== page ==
Assuming your 2020 income exceeded $6000 and you're not yet old enough to make catch-up contributions, your IRA contribution limit is $6000. You exceeded this limit by $50; thus, you owe income tax, plus a 10% additional tax, on the related earnings on those $50. You said you withdrew this amount very fast, so the related earnings are likely to be a very small amount. If they are significant, you would report the related earnings on those $50 on Form 1040, line 4b (IRA distributions, taxable amount); and you would also include the related earnings on those $50 on Form 5329, line 1 (early distributions includible in income). Form 5329 has a line for Traditional IRA overcontributions, line 15, but you would leave that line blank because you had withdrawn your $50 overcontribution timely.

Recharacterising your $6000 2021 contribution

For 2021, you had until 18 April 2022 (2021's tax filing deadline) to recharacterise your $6000 2021 contribution, which you did timely in Oct 2021.

Because your contribution occurred in 2021 and the recharacterisation also occurred in 2021 (the same year), you should report $6000 on line 4a "IRA distributions" of Form 1040 but $0 on line 4b "Taxable amount" of Form 1040, and attach a statement explaining the dates of contribution and recharacterisation. Again, you won't owe any income tax.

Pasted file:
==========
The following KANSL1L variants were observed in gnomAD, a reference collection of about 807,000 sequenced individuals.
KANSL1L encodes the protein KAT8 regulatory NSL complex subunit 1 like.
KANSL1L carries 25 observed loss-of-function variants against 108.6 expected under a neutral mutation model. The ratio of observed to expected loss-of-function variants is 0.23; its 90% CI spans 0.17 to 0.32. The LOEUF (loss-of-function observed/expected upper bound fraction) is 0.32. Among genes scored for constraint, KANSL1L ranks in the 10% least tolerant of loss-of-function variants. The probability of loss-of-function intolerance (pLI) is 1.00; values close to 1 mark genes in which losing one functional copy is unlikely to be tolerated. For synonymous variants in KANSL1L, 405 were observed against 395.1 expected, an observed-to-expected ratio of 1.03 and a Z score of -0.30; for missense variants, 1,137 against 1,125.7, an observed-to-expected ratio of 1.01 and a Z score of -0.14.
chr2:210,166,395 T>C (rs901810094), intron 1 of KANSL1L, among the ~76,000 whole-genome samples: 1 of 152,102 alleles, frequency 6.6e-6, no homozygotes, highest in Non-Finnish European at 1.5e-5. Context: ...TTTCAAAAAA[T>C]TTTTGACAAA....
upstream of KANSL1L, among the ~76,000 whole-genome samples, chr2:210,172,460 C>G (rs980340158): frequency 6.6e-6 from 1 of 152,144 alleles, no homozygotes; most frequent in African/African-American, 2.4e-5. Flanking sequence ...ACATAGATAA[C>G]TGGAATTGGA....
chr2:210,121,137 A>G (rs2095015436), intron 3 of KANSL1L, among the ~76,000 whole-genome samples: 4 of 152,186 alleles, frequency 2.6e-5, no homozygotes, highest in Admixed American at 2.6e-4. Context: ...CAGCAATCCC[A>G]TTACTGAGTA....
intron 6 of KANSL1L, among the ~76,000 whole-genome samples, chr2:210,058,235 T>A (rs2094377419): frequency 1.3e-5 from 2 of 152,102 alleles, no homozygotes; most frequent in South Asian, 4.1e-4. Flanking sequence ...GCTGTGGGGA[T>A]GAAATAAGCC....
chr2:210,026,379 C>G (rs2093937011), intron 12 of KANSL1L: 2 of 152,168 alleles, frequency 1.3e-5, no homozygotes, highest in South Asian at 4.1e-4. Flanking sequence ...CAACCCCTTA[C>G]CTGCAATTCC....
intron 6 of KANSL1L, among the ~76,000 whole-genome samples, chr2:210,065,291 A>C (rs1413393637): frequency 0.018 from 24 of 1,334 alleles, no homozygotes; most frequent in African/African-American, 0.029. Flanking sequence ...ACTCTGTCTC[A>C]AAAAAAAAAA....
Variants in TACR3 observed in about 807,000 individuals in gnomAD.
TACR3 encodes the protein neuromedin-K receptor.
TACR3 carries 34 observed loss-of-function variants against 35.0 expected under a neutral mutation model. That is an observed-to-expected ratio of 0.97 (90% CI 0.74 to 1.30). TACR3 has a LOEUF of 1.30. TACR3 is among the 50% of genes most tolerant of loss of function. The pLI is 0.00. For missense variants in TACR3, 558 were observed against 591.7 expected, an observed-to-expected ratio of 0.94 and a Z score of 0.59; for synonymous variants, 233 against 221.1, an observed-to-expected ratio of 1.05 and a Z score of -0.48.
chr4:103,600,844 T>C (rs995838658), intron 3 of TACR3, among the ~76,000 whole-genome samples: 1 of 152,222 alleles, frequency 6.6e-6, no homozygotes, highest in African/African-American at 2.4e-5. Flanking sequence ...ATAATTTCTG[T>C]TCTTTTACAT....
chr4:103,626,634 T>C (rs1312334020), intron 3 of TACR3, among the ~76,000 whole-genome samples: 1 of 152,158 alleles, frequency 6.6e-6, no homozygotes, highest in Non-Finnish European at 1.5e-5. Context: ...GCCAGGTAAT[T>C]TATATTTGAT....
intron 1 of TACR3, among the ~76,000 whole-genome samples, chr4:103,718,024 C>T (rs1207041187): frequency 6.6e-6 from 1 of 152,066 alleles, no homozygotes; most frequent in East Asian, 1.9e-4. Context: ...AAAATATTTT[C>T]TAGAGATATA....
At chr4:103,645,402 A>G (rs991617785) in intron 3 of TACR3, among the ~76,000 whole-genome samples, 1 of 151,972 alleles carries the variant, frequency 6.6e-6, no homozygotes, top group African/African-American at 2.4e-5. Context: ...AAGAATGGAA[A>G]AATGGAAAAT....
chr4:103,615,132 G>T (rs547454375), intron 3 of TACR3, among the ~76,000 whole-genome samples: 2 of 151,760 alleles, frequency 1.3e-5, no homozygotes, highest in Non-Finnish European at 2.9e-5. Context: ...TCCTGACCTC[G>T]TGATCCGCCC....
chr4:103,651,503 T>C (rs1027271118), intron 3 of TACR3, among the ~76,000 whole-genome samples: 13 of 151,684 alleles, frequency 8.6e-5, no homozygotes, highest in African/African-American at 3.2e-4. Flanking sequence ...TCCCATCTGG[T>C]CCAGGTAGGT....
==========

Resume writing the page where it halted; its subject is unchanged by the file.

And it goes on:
On net, you should regard yourself as never having made any traditional IRA contributions at all, only Roth contributions.

You can pretty much ignore the "taxable amount" box on your 1099-R. (Why is it not important? See the instructions for Form 1099-R, box 2a Taxable Amount. Paraphrasing: "Generally, you [the IRA trustee] are not required to compute the taxable amount of a traditional IRA or designate whether any part of a distribution is a return of basis attributable to nondeductible contributions. Therefore, report the total amount distributed from a traditional IRA in box 2a. This will be the same amount reported in box 1. Check the 'Taxable amount not determined' box in box 2b.")

(Sorry, I don't know how to make TurboTax fill in the forms this way.)

[1] Technically, the recharacterisation deadline is the tax filing deadline plus six months; but you'd have to file timely, then file an amended return annotated as "Filed pursuant to section 301.9100-2".